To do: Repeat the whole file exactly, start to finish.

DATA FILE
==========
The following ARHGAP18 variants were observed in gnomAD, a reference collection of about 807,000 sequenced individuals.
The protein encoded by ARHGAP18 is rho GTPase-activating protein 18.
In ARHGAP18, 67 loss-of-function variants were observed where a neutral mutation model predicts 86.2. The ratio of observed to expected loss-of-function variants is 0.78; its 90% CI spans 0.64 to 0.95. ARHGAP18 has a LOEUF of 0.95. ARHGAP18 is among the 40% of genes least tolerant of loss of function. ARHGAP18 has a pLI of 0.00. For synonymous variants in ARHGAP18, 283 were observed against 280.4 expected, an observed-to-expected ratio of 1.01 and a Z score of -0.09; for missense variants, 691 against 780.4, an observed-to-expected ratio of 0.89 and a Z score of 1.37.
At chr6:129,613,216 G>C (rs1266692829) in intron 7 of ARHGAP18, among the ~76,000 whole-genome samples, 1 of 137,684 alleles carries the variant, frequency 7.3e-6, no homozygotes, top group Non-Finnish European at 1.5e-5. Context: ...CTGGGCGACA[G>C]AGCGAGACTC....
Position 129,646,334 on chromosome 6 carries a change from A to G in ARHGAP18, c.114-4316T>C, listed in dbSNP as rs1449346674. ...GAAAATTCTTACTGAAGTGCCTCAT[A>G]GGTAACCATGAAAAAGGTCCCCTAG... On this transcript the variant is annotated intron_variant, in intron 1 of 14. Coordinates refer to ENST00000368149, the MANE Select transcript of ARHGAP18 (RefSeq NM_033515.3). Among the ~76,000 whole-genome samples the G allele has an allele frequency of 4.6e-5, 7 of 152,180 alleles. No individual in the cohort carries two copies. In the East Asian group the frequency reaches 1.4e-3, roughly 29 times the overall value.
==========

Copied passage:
The following ARHGAP18 variants were observed in gnomAD, a reference collection of about 807,000 sequenced individuals.
The protein encoded by ARHGAP18 is rho GTPase-activating protein 18.
In ARHGAP18, 67 loss-of-function variants were observed where a neutral mutation model predicts 86.2. The ratio of observed to expected loss-of-function variants is 0.78; its 90% CI spans 0.64 to 0.95. ARHGAP18 has a LOEUF of 0.95. ARHGAP18 is among the 40% of genes least tolerant of loss of function. ARHGAP18 has a pLI of 0.00. For synonymous variants in ARHGAP18, 283 were observed against 280.4 expected, an observed-to-expected ratio of 1.01 and a Z score of -0.09; for missense variants, 691 against 780.4, an observed-to-expected ratio of 0.89 and a Z score of 1.37.
At chr6:129,613,216 G>C (rs1266692829) in intron 7 of ARHGAP18, among the ~76,000 whole-genome samples, 1 of 137,684 alleles carries the variant, frequency 7.3e-6, no homozygotes, top group Non-Finnish European at 1.5e-5. Context: ...CTGGGCGACA[G>C]AGCGAGACTC....
Position 129,646,334 on chromosome 6 carries a change from A to G in ARHGAP18, c.114-4316T>C, listed in dbSNP as rs1449346674. ...GAAAATTCTTACTGAAGTGCCTCAT[A>G]GGTAACCATGAAAAAGGTCCCCTAG... On this transcript the variant is annotated intron_variant, in intron 1 of 14. Coordinates refer to ENST00000368149, the MANE Select transcript of ARHGAP18 (RefSeq NM_033515.3). Among the ~76,000 whole-genome samples the G allele has an allele frequency of 4.6e-5, 7 of 152,180 alleles. No individual in the cohort carries two copies. In the East Asian group the frequency reaches 1.4e-3, roughly 29 times the overall value.